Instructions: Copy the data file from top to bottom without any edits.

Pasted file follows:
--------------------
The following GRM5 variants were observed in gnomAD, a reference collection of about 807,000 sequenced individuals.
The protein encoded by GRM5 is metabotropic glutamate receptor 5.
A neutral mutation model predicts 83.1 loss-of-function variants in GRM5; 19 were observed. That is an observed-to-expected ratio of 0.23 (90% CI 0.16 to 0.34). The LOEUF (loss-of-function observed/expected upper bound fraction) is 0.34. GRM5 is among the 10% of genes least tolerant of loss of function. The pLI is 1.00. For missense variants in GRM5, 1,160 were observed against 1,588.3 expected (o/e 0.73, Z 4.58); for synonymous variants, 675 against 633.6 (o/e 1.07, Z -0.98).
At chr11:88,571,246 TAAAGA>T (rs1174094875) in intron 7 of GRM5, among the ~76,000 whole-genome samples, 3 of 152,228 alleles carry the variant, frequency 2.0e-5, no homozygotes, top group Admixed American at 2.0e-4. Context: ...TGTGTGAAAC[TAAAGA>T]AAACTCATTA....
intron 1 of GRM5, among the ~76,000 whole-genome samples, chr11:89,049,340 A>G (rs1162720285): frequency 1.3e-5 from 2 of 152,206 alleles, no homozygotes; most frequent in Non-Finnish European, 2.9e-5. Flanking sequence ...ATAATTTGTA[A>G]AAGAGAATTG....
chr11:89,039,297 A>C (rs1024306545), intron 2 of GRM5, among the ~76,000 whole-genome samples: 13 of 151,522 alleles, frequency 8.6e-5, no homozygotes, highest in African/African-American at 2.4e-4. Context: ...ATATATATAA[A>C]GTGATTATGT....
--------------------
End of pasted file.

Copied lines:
The following GRM5 variants were observed in gnomAD, a reference collection of about 807,000 sequenced individuals.
The protein encoded by GRM5 is metabotropic glutamate receptor 5.
A neutral mutation model predicts 83.1 loss-of-function variants in GRM5; 19 were observed. That is an observed-to-expected ratio of 0.23 (90% CI 0.16 to 0.34). The LOEUF (loss-of-function observed/expected upper bound fraction) is 0.34. GRM5 is among the 10% of genes least tolerant of loss of function. The pLI is 1.00. For missense variants in GRM5, 1,160 were observed against 1,588.3 expected (o/e 0.73, Z 4.58); for synonymous variants, 675 against 633.6 (o/e 1.07, Z -0.98).
At chr11:88,571,246 TAAAGA>T (rs1174094875) in intron 7 of GRM5, among the ~76,000 whole-genome samples, 3 of 152,228 alleles carry the variant, frequency 2.0e-5, no homozygotes, top group Admixed American at 2.0e-4. Context: ...TGTGTGAAAC[TAAAGA>T]AAACTCATTA....
intron 1 of GRM5, among the ~76,000 whole-genome samples, chr11:89,049,340 A>G (rs1162720285): frequency 1.3e-5 from 2 of 152,206 alleles, no homozygotes; most frequent in Non-Finnish European, 2.9e-5. Flanking sequence ...ATAATTTGTA[A>G]AAGAGAATTG....
chr11:89,039,297 A>C (rs1024306545), intron 2 of GRM5, among the ~76,000 whole-genome samples: 13 of 151,522 alleles, frequency 8.6e-5, no homozygotes, highest in African/African-American at 2.4e-4. Context: ...ATATATATAA[A>C]GTGATTATGT....